The Humor: The movie keeps it light as well, throwing in goofy antics from Tyler, including his rapping skills and different reactions to other people being filmed, such as one person freezing up and acting stiff or the train conductor who thinks he’s a great actor. It serves to break up the film, keep the dialogue interesting and the actors more relaxed on camera and this was important to me particularly after The Happening and its cardboard, stiff acting.
Overall: If you’ve been burned in the past by M. Night, then you might find it in your heart to forgive him after this movie. It definitely feels like a return to some of his best works, in my opinion and this is after I was burned on so many flops. I’m usually not a huge fan of found footage, but The Visit does it’s best to keep the shaky camera action down and you will feel more as if you’re along for the ride versus about to throw-up from rocking all over. The actual movie is pretty good. The plot and characters follow a lot of tropes but keep it light with humor and the acting is decent. The build-up creates suspense and the final act gives good closure. You won’t be sleeping with the lights on after this movie unless you are visiting your grandparents (…?) most likely, but I found myself worrying about the characters and hoping they would make it. Overall, it’s a decent movie and I’d recommend checking it out if you want a return to some basics.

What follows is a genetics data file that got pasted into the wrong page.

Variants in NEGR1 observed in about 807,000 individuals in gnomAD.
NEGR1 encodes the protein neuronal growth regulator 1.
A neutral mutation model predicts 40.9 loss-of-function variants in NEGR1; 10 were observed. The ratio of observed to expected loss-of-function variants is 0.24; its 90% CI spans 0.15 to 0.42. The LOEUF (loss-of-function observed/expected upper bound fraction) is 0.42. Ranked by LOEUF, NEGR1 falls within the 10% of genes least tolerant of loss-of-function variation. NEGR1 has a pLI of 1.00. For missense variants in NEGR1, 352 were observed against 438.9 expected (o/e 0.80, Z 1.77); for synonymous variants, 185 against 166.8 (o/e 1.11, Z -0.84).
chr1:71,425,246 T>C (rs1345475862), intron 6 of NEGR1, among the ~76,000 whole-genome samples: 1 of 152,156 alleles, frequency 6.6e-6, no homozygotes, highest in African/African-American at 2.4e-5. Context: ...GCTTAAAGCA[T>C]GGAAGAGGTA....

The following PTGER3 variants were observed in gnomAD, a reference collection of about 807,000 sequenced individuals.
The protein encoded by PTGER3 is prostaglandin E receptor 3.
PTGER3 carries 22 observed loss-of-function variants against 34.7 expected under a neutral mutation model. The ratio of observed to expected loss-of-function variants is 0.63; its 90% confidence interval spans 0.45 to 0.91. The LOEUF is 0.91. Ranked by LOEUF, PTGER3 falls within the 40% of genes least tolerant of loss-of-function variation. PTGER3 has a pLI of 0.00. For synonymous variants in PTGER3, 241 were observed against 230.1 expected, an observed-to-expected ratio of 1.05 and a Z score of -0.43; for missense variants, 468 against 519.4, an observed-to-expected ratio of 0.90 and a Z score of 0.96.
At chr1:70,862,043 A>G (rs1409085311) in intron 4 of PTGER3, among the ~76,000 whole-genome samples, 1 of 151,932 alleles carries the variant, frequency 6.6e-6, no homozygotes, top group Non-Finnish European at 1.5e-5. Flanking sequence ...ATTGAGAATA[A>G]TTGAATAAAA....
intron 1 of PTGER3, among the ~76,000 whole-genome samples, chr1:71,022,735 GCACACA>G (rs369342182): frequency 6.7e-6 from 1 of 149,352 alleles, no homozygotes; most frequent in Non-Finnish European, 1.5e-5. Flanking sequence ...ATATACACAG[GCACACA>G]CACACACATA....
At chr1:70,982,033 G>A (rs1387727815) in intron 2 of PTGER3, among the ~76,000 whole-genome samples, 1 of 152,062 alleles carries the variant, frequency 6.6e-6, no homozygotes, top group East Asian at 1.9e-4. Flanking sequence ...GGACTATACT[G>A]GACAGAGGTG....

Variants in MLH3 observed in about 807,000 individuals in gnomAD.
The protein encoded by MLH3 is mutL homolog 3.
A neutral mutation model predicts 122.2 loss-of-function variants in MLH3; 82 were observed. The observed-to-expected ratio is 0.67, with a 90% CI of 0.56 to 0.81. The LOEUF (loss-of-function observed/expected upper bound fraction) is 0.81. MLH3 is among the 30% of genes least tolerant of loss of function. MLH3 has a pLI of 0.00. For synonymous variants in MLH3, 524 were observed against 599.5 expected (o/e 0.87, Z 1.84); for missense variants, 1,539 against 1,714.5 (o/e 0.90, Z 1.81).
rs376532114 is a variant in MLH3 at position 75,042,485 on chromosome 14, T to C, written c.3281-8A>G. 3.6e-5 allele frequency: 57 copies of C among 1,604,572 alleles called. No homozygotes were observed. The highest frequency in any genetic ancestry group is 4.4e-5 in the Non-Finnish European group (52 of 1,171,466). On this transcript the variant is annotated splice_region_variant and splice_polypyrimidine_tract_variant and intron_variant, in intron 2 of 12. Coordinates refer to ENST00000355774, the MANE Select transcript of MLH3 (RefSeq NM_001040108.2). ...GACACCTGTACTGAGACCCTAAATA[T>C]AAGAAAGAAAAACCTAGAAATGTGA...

Have you seen The Visit? If so, what did you think? What is your favorite and least favorite M. Night Shyamalan movie?